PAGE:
by Andy Rausch and Joe Reinecker - With the election quickly approaching (it's a week away now!), we spoke with longtime SKIL board member Susan Roberson, who has a disability herself, about the things she believes disabled people should remember when going to the polls (or voting from home).
“The main thing is, you need to know who is running,” Roberson says. “You need to find out exactly what they stand for. For us in the disability world, Medicaid expansion is an important issue. A lot of us have been pushing and pushing to get that passed for years. You want to know these things, and you want to make sure that whoever you vote for, whether it's for local office, state, or the country, you know what their views are on these issues that affect us. You want to find out if their views on every issue take the disability community into consideration. For a lot of people, the disabled are the last thing they think about, so it's up to us to make sure the candidates we support have our best interests at heart.”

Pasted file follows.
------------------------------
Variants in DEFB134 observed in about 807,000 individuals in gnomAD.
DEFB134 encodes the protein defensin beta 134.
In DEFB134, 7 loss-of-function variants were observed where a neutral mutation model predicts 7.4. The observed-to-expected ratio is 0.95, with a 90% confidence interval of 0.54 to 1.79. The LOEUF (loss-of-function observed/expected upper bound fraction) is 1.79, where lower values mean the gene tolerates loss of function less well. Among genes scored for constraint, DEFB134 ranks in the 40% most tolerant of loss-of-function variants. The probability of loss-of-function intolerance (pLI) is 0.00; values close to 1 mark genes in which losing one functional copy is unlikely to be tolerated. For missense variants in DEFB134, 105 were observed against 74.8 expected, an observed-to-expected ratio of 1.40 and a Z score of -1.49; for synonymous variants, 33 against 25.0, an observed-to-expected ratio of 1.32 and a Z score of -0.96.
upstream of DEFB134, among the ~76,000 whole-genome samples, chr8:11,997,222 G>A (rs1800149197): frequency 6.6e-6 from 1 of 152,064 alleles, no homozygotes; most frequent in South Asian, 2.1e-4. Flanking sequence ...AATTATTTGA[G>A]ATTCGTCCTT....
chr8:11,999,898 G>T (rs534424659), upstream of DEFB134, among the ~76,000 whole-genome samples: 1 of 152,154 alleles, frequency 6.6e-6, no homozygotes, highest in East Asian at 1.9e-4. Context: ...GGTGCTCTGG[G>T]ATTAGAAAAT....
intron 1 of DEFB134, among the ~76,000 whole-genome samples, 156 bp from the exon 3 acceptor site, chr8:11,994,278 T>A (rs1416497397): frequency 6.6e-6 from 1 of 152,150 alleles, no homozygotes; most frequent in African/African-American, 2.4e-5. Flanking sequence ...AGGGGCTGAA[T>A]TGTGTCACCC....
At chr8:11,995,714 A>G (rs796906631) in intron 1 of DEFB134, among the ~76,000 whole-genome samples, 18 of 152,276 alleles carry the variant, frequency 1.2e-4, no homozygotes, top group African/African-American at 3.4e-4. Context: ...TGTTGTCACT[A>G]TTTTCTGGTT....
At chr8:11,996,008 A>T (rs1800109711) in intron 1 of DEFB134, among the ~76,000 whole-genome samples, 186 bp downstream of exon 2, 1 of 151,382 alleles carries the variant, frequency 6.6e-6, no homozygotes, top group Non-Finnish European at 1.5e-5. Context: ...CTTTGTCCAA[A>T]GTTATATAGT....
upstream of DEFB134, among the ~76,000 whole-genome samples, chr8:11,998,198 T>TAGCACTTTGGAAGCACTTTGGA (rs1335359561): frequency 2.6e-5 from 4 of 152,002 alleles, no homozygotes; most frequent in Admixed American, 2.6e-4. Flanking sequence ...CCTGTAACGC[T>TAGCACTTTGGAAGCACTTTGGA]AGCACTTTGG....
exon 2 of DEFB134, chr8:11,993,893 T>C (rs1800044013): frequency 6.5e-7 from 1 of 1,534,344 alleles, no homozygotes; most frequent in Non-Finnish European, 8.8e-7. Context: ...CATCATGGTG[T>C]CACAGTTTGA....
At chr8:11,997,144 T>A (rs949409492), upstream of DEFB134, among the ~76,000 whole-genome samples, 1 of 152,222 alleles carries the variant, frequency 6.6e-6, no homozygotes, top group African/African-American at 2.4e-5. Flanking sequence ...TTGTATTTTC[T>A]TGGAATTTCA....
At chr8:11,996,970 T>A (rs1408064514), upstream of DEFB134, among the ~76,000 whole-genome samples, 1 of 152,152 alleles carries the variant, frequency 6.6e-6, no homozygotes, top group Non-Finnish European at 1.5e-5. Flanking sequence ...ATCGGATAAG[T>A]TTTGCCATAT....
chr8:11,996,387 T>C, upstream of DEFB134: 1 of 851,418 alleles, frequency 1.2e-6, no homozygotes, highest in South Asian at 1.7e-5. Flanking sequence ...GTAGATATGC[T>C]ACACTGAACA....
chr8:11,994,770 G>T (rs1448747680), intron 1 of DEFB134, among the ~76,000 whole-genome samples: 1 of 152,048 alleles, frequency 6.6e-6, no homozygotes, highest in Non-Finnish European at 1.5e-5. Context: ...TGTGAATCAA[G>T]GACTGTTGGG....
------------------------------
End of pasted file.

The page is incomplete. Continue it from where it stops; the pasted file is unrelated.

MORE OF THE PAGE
Beyond this, she urges disabled voters to consider whether their candidates want SSI and social security raised or lowered. “People can't live like that. They're already some of the lowest paid people there are.”
She also wants people with disabilities to have a plan on how they will vote or go to the polls come election day. She urges people to make sure they have transportation arranged in advance and know where their proper polling location is. In addition, she says if you are planning to vote in advance, that you get your ballot in as quickly as possible.
“One of the smartest things I ever did was get an absentee ballot,” she says. “Because I don't drive and I have to depend on someone else to get me to the polls. If I can't get a ride at the last minute, I don't get to vote. And for myself, if I don't vote, I don't get to gripe.”